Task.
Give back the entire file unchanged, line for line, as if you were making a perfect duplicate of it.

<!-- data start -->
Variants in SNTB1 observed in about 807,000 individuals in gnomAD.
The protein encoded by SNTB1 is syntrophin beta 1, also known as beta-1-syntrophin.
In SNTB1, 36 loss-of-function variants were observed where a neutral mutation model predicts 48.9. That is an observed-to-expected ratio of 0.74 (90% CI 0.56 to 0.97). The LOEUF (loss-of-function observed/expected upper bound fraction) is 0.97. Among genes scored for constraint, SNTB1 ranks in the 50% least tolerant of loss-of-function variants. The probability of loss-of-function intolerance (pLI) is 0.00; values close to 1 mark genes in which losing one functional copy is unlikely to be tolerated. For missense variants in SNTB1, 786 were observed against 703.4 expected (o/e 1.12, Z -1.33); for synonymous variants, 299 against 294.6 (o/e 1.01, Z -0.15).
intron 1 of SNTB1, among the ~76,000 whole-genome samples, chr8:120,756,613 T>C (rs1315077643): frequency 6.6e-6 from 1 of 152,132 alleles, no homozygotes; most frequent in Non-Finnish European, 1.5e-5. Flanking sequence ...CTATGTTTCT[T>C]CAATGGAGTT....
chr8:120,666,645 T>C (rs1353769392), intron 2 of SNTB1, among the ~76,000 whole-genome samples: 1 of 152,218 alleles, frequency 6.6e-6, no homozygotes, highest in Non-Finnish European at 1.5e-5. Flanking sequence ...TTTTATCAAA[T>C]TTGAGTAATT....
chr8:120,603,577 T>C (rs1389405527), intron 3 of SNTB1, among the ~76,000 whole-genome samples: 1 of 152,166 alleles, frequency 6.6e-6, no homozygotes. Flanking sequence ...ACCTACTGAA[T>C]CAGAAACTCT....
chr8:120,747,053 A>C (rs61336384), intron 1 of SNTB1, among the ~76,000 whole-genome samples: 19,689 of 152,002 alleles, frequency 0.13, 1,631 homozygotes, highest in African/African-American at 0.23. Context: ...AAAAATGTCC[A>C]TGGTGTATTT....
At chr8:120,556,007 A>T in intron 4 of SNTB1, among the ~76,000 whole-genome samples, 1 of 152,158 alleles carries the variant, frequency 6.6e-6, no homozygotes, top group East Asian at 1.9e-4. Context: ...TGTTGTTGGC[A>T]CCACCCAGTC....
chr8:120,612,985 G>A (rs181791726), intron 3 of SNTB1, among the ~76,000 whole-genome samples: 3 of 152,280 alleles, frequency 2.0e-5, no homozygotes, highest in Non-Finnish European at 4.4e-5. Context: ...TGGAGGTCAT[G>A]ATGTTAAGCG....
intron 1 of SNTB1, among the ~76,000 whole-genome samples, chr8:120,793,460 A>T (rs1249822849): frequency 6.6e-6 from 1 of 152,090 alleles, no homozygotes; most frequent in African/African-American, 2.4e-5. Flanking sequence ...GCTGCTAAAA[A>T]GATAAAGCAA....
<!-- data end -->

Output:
Variants in SNTB1 observed in about 807,000 individuals in gnomAD.
The protein encoded by SNTB1 is syntrophin beta 1, also known as beta-1-syntrophin.
In SNTB1, 36 loss-of-function variants were observed where a neutral mutation model predicts 48.9. That is an observed-to-expected ratio of 0.74 (90% CI 0.56 to 0.97). The LOEUF (loss-of-function observed/expected upper bound fraction) is 0.97. Among genes scored for constraint, SNTB1 ranks in the 50% least tolerant of loss-of-function variants. The probability of loss-of-function intolerance (pLI) is 0.00; values close to 1 mark genes in which losing one functional copy is unlikely to be tolerated. For missense variants in SNTB1, 786 were observed against 703.4 expected (o/e 1.12, Z -1.33); for synonymous variants, 299 against 294.6 (o/e 1.01, Z -0.15).
intron 1 of SNTB1, among the ~76,000 whole-genome samples, chr8:120,756,613 T>C (rs1315077643): frequency 6.6e-6 from 1 of 152,132 alleles, no homozygotes; most frequent in Non-Finnish European, 1.5e-5. Flanking sequence ...CTATGTTTCT[T>C]CAATGGAGTT....
chr8:120,666,645 T>C (rs1353769392), intron 2 of SNTB1, among the ~76,000 whole-genome samples: 1 of 152,218 alleles, frequency 6.6e-6, no homozygotes, highest in Non-Finnish European at 1.5e-5. Flanking sequence ...TTTTATCAAA[T>C]TTGAGTAATT....
chr8:120,603,577 T>C (rs1389405527), intron 3 of SNTB1, among the ~76,000 whole-genome samples: 1 of 152,166 alleles, frequency 6.6e-6, no homozygotes. Flanking sequence ...ACCTACTGAA[T>C]CAGAAACTCT....
chr8:120,747,053 A>C (rs61336384), intron 1 of SNTB1, among the ~76,000 whole-genome samples: 19,689 of 152,002 alleles, frequency 0.13, 1,631 homozygotes, highest in African/African-American at 0.23. Context: ...AAAAATGTCC[A>C]TGGTGTATTT....
At chr8:120,556,007 A>T in intron 4 of SNTB1, among the ~76,000 whole-genome samples, 1 of 152,158 alleles carries the variant, frequency 6.6e-6, no homozygotes, top group East Asian at 1.9e-4. Context: ...TGTTGTTGGC[A>T]CCACCCAGTC....
chr8:120,612,985 G>A (rs181791726), intron 3 of SNTB1, among the ~76,000 whole-genome samples: 3 of 152,280 alleles, frequency 2.0e-5, no homozygotes, highest in Non-Finnish European at 4.4e-5. Context: ...TGGAGGTCAT[G>A]ATGTTAAGCG....
intron 1 of SNTB1, among the ~76,000 whole-genome samples, chr8:120,793,460 A>T (rs1249822849): frequency 6.6e-6 from 1 of 152,090 alleles, no homozygotes; most frequent in African/African-American, 2.4e-5. Flanking sequence ...GCTGCTAAAA[A>T]GATAAAGCAA....